June 15, 2011 / 12:28 PM / 9 years ago

Carlyle IPO could raise $1 billion: source

NEW YORK/LOS ANGELES (Reuters) - Private equity giant Carlyle Group CYL.UL is moving closer to an initial public offering, and could raise around $1 billion based on what banks are pitching, one source familiar with the process said on Wednesday.

Carlyle, co-founded in 1987 by David Rubenstein, has yet to release any information about its profitability and management fees, making it impossible to accurately value how much it would be worth as a public company.

Carlyle was valued at $20 billion in September 2007, when an investment unit of the Abu Dhabi government bought a 7.5 percent stake in the company, before the credit crisis sent stock markets sliding.

It had an implied value of about $6 billion in June 2010 — based on the $334 million value Calpers gave to its 5.5 percent stake, bought in 2001. Calpers discloses the figure in its annual investment report under the section “Expansion Capital”.

If Carlyle’s value had appreciated in line with rival Blackstone’s — which is up 60 percent since then — it could be valued today at about $10 billion. A variant of this valuation method was previously reported by Fortune publication’s Term Sheet blog.

An IPO would see Carlyle join rivals Blackstone Group (BX.N), Kohlberg Kravis Roberts & Co (KKR.N) and Apollo Global Management (APO.N) as publicly traded private equity firms.

Private equity firms saw the value of their portfolio companies diminish and their ability to strike new deals evaporate in the wake of the credit crisis. However, the outlook for both selling portfolio companies and striking new deals has since improved.

Publicly traded shares can help a company incentivize employees and provide a currency for acquisitions.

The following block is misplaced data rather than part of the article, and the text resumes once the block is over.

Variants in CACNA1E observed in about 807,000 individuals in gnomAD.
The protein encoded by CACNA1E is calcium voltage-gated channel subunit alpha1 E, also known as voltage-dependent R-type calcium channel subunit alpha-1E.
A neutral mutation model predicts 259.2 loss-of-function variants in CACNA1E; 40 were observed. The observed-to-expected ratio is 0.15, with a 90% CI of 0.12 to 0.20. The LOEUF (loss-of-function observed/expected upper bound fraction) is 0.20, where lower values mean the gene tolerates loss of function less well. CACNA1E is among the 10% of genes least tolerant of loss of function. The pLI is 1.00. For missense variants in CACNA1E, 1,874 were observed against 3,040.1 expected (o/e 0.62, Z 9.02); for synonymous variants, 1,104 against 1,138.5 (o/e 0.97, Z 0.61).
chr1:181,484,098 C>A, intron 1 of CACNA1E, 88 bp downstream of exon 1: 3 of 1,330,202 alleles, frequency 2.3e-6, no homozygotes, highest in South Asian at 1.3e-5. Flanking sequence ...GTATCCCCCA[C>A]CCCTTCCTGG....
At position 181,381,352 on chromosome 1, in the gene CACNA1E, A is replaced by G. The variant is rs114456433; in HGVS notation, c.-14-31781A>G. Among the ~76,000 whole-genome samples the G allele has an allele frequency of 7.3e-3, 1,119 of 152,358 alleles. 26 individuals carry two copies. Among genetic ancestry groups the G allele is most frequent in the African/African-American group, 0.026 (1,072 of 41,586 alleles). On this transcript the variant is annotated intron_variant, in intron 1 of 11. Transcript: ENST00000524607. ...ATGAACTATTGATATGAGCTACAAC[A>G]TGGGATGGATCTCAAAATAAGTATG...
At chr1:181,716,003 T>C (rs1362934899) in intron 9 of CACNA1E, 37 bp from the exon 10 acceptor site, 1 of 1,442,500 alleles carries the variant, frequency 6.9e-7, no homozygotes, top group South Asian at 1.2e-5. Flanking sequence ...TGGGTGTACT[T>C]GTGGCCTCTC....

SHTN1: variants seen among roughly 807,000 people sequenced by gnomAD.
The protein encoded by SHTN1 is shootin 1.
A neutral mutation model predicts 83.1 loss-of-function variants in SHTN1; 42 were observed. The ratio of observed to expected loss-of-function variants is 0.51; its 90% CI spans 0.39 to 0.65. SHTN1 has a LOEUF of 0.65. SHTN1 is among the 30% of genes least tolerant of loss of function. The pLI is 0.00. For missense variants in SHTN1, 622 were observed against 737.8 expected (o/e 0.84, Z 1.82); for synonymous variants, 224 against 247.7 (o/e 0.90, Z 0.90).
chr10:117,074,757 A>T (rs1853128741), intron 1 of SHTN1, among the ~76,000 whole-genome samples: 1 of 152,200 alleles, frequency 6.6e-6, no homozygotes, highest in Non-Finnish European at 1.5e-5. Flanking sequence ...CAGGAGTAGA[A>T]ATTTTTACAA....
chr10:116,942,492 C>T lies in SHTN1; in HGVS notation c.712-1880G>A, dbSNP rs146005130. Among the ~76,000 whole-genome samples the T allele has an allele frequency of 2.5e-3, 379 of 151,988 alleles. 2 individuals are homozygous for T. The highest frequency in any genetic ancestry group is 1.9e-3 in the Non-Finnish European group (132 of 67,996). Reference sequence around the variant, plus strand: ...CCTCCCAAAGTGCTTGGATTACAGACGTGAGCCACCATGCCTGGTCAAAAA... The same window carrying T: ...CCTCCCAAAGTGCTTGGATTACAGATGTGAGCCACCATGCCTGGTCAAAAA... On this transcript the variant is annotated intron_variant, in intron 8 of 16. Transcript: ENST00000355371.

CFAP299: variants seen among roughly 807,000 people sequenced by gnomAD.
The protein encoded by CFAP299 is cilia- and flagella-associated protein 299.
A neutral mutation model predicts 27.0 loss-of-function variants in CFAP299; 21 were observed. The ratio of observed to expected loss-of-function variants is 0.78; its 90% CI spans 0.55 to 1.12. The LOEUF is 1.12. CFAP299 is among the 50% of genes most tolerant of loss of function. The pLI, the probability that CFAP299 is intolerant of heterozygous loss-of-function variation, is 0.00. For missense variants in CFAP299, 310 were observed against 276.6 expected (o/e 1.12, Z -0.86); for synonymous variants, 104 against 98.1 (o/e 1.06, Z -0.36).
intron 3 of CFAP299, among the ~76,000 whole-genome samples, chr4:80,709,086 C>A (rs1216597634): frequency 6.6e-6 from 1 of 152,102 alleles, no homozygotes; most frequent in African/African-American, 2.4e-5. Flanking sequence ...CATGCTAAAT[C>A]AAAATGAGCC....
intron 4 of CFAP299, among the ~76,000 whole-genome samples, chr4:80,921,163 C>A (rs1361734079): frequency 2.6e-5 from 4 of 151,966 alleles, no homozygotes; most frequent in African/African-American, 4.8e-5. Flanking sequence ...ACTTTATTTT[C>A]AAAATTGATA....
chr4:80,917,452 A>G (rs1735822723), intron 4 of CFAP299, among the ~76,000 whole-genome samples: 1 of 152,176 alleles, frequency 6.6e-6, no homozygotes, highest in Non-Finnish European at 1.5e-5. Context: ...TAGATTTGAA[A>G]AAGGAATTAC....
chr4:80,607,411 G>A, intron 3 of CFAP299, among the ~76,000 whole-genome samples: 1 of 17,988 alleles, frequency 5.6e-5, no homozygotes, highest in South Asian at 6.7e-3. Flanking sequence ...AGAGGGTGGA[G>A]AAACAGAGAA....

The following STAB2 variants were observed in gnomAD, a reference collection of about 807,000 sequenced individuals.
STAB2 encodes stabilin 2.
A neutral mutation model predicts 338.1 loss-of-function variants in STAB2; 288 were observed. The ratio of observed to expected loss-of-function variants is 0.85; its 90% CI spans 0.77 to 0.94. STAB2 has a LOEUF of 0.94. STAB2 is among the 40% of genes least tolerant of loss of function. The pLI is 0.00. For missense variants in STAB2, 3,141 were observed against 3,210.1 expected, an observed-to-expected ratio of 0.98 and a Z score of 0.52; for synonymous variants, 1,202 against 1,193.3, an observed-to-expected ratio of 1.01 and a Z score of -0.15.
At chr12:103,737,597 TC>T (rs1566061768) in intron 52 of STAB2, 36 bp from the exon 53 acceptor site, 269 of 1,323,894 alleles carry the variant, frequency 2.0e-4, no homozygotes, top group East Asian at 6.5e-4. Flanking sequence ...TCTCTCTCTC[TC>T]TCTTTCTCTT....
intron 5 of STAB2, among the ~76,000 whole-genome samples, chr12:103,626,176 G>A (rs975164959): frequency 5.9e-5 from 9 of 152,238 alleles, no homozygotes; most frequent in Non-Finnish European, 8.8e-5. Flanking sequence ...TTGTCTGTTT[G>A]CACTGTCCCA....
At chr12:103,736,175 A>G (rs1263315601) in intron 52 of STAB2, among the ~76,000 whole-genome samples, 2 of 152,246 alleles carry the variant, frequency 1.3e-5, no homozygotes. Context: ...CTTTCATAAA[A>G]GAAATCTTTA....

Carlyle hopes to file its IPO prospectus with the U.S. Securities and Exchange Commission in the third quarter, sources previously told Reuters.

Banks have been making pitches this week to underwrite the deal, two sources familiar with the process said on Wednesday.

An offering could be around $1 billion, based on what banks are pitching, one of the sources said. The second source said an offering of around $1 billion would be a reasonable size for Carlyle to target. CNBC earlier reported the IPO could total $750 million to $1.2 billion.

Carlyle declined to comment.

If Carlyle were to file for an IPO in the third quarter, it could realistically price an offering and begin trading some time after the September U.S. Labor Day, but before the December holiday season.

If it misses that window, it could wait until early 2012, after it finalizes its full-year 2011 financial statements.


Carlyle, which has invested in companies including Dunkin Brands, Alliance Boots and Freescale Semiconductor, has been expanding its business model. In January, it struck a deal to buy Dutch-based private equity fund-of-funds AlpInvest Partners, Europe’s largest, to bulk up its product menu and attract more money from investors.

The firm has assets under management of more than $106.7 billion according to its website. In February, Carlyle hired NASDAQ OMX Group Inc (NDAQ.O) Chief Financial Officer Adena Friedman as its CFO.

Blackstone Group blazed the trail for private equity firms going public in 2007 with its own high-profile IPO — timed just before the market started to collapse.

Alongside it were hedge funds Och-Ziff Capital Management Group LLC OZM.N and Fortress Investment Group LLC FIG.N which all made their debuts on the New York Stock Exchange in the space of a year.

Rival buyout firms such as Apollo and KKR, which had also been planning to list, watched in the wings as their chance evaporated.

Since the economy and market started recovering, private equity firms have started looking again at going public.

KKR, which originally filed for a U.S. IPO in 2007, listed in Amsterdam instead. It moved its shares to the New York Stock Exchange in July. Apollo listed on the NYSE in March.

Separately, Carlyle said on Wednesday it had raised two funds totaling $1 billion to make investments in Brazil and elsewhere in South America.

Reporting by Megan Davies, Clare Baldwin and Paritosh Bansal, editing by Gerald E. McCormick, Derek Caney and John Wallace

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